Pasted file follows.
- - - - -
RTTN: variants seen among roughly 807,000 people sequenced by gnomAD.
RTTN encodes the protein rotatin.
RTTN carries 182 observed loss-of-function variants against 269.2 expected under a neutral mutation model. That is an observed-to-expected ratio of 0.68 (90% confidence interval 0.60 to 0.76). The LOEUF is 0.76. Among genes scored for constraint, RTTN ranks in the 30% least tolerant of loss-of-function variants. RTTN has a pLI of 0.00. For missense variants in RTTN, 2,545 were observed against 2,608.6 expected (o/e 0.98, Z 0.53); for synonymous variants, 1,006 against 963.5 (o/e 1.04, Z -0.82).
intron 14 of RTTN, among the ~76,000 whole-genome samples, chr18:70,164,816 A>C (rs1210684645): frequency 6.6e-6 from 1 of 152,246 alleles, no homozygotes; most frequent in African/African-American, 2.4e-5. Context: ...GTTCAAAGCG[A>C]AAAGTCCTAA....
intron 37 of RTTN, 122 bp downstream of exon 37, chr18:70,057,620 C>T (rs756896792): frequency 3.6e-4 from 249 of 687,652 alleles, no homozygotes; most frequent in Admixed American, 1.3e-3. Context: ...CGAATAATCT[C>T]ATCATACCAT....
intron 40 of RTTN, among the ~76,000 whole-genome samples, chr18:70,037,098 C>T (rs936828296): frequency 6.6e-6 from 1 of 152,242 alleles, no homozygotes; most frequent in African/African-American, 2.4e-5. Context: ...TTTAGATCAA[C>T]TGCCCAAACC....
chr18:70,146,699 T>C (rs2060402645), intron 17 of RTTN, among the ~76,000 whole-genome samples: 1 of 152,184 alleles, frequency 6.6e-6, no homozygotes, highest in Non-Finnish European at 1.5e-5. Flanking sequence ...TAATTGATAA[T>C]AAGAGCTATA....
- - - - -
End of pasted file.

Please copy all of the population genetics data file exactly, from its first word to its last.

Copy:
RTTN: variants seen among roughly 807,000 people sequenced by gnomAD.
RTTN encodes the protein rotatin.
RTTN carries 182 observed loss-of-function variants against 269.2 expected under a neutral mutation model. That is an observed-to-expected ratio of 0.68 (90% confidence interval 0.60 to 0.76). The LOEUF is 0.76. Among genes scored for constraint, RTTN ranks in the 30% least tolerant of loss-of-function variants. RTTN has a pLI of 0.00. For missense variants in RTTN, 2,545 were observed against 2,608.6 expected (o/e 0.98, Z 0.53); for synonymous variants, 1,006 against 963.5 (o/e 1.04, Z -0.82).
intron 14 of RTTN, among the ~76,000 whole-genome samples, chr18:70,164,816 A>C (rs1210684645): frequency 6.6e-6 from 1 of 152,246 alleles, no homozygotes; most frequent in African/African-American, 2.4e-5. Context: ...GTTCAAAGCG[A>C]AAAGTCCTAA....
intron 37 of RTTN, 122 bp downstream of exon 37, chr18:70,057,620 C>T (rs756896792): frequency 3.6e-4 from 249 of 687,652 alleles, no homozygotes; most frequent in Admixed American, 1.3e-3. Context: ...CGAATAATCT[C>T]ATCATACCAT....
intron 40 of RTTN, among the ~76,000 whole-genome samples, chr18:70,037,098 C>T (rs936828296): frequency 6.6e-6 from 1 of 152,242 alleles, no homozygotes; most frequent in African/African-American, 2.4e-5. Context: ...TTTAGATCAA[C>T]TGCCCAAACC....
chr18:70,146,699 T>C (rs2060402645), intron 17 of RTTN, among the ~76,000 whole-genome samples: 1 of 152,184 alleles, frequency 6.6e-6, no homozygotes, highest in Non-Finnish European at 1.5e-5. Flanking sequence ...TAATTGATAA[T>C]AAGAGCTATA....